According to information provided about the song, its lyrical theme focuses on the all too familiar topic of overcoming those deeply emotional times in life that can so easily sideline a person.  This is made clear in the song’s lead verse and chorus which state, “For days like this/I learned how to pray/The things that brought me comfort have gone away/No empathy/No quarter given…Hell has opened its gates/You can sit and cry/Or raise your sails and fly/You can either ride and die/Or let it break you and I.”  There is one small portion of that opening line that is difficult to decipher sans lyrics, but the overall noted theme is made clear, even despite that matter.  The theme is made just as clear in the song’s second verse, which states, “I don’t believe I have in me what it takes/This…starts rising when I try to escape/It’s holding down my ankles, knees and my waist/I need a sympathetic wavelength…”  Again, there are items that are difficult to decipher sans lyrics to reference, but even with that lack, the message remains as clear as ever.  This depicts someone battling that sense of self-doubt.  The refrain of the chorus serves once again as that reminder to the self to keep pushing on through that self-doubt.  IT is a message that even in this case, will resonate with a wide range of audiences.  When that refrain joins with the positive energy in the song’s arrangement, the whole makes the song overall a wonderful addition to the EP and just one example of how the record’s overall content makes it worth hearing.

Another example of what makes the EP worth hearing comes a little later in its run in the form of the song, ‘Who Am I To Feel Down.’  As with ‘The Swamp,’ this song tends to focus on that familiar theme of a person’s inner struggle.  That is made clear right from the song’s outset which states, “There many days when it feels impossible to see the light/Not many happy thoughts…But take a look at my clothes/Take a look at my life/Who am I to feel down?”  One could argue that to that extent, this is a continuation of the message presented in ‘The Swamp’ even though it is its own message.  The use of the horns and the keyboard give the song an even more positive vibe a la The Doobie Brothers, making for even more appeal.

‘What Will It Be & The Odyssey’ is yet another example of how The Odyssey’s overall content comes together to make the record engaging and entertaining.  In the case of this song, the musical arrangement is a unique blend of southern rock and stoner in one.  The subtle way in which the two genres are blended together here makes for so much enjoyment.  The bluesy jam session that makes up the song’s second half conjures thoughts, at times, of Pink Floyd, believe it or not.  It is such a soothing performance overall.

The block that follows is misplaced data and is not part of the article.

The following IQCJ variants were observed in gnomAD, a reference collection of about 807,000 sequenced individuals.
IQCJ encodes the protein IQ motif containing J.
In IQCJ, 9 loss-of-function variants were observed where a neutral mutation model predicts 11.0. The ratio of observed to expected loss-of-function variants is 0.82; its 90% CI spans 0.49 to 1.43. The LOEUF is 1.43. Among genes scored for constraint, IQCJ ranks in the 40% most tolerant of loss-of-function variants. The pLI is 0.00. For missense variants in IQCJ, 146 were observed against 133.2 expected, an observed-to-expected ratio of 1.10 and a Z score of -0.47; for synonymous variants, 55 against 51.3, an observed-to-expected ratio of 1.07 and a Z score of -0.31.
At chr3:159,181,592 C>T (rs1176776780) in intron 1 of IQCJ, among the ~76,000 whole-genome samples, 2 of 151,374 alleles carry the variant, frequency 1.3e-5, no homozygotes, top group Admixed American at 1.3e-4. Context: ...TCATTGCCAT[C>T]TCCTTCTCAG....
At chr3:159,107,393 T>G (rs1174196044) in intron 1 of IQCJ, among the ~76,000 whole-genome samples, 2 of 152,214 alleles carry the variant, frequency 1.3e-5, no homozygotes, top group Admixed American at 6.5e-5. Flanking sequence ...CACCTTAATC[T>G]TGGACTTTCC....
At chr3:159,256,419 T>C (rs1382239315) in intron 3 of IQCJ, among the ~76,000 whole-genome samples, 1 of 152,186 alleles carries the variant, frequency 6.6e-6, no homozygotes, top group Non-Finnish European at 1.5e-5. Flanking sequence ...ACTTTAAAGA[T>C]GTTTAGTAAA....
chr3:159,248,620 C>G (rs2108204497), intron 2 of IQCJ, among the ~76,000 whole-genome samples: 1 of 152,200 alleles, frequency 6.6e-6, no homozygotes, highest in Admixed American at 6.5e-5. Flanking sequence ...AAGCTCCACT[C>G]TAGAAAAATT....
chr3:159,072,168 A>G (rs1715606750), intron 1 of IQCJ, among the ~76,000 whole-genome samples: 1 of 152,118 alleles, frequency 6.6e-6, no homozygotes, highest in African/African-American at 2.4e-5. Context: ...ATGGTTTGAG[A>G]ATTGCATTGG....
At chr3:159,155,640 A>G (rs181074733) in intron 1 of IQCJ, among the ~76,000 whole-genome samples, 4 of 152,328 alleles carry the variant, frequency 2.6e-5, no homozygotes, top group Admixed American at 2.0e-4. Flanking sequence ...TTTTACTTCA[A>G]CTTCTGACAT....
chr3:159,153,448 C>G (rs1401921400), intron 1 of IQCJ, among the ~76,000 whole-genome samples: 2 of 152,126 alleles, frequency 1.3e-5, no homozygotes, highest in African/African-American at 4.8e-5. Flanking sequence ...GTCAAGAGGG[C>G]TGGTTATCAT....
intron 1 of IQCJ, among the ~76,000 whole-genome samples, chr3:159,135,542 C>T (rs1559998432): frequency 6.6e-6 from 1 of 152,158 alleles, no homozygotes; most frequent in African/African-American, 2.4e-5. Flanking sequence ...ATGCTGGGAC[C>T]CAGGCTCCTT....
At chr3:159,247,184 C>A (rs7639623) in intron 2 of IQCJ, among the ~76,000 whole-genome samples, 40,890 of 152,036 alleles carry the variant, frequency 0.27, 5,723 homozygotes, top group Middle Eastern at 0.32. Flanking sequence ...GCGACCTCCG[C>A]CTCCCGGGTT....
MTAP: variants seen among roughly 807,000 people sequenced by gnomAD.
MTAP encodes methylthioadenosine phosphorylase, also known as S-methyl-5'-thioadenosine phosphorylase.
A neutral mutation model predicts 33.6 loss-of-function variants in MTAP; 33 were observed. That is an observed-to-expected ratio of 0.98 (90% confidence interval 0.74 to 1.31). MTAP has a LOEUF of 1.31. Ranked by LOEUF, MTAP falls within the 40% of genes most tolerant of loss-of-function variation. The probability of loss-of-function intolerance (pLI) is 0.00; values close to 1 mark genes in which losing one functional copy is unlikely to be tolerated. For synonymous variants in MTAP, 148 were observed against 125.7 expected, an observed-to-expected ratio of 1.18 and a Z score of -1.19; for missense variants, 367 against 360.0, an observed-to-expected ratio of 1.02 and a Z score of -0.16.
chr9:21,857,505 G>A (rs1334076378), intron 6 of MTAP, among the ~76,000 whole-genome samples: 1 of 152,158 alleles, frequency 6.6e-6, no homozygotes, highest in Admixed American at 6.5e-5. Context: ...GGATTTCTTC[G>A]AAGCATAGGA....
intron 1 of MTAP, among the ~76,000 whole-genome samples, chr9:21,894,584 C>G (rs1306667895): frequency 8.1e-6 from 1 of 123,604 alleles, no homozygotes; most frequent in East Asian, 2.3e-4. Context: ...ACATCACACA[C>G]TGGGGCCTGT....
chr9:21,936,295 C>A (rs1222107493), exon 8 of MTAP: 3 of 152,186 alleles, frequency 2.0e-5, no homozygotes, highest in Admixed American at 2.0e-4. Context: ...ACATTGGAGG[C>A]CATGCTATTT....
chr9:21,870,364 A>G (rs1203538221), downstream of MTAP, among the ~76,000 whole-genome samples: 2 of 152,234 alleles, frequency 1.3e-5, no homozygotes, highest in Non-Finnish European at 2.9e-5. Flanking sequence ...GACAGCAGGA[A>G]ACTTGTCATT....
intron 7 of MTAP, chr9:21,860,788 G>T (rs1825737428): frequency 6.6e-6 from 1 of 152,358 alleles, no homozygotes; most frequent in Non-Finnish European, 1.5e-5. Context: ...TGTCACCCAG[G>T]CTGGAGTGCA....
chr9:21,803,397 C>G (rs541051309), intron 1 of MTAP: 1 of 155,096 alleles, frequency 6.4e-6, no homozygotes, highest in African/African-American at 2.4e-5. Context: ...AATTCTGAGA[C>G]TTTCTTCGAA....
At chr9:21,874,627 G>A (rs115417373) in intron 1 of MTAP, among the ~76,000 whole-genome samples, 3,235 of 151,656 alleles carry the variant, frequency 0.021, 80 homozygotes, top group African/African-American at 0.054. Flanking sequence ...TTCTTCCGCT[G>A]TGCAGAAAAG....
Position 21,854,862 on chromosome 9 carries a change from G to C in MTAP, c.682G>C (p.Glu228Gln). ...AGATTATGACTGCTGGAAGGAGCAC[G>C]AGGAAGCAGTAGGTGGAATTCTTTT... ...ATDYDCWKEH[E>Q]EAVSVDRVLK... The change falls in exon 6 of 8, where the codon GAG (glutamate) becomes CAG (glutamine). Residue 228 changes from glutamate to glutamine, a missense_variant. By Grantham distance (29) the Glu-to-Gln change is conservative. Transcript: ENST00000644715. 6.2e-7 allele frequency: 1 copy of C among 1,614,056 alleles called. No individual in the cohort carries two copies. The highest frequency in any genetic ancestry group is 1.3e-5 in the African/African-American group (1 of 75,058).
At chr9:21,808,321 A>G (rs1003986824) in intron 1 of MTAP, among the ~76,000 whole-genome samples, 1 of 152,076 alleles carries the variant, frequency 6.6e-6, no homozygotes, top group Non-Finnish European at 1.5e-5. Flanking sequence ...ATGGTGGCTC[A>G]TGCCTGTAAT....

According to the information provided, the song’s lyrics are meant to present a message of battling feelings of sadness and depression.  Specifically, the notes state of the theme, “The lyrics describe an anguish brought about from being inert.”  Interestingly enough, it seems to be sung from the vantage point of someone who is fed up with that person who is stuck in place, trying to remind that person that things will be better and to get out of that fun.  This is just this critic’s own interpretation, though.  Either way, the thoughtful theme and presentation thereof pairs with the infectious bass-driven arrangement of ‘What Will It Be’ to make that song stand on its own merits.  The equally moving instrumental ‘The Odyssey’ makes for its own appeal.  All things considered there, the two-part song is yet more proof of what makes The Odyssey in whole so appealing.  When this is considered along with the other songs examined here and with the rest of the record’s songs, the whole makes The EP a fully engaging and entertaining first outing for Genghis Nash.

The Odyssey, the debut EP from independent rock band Genghis Nash, is a strong first outing from the group.  That is especially considering how long the band has been out there working the stages leading up to this record’s release.  The musical and lyrical content alike featured in this record make that clear, as is evidenced in the songs examined here.  When those three songs are considered along with the rest of the record’s works, the whole makes The Odyssey one more of the year’s top new EPs.

The Odyssey is available now through Golden Robot Records.  More information on the record is available along with all of the band’s latest news at

To keep up with the latest entertainment reviews and news go online to and “Like” it.  Fans can always keep up with the latest entertainment reviews and news in the Phil’s Picks blog at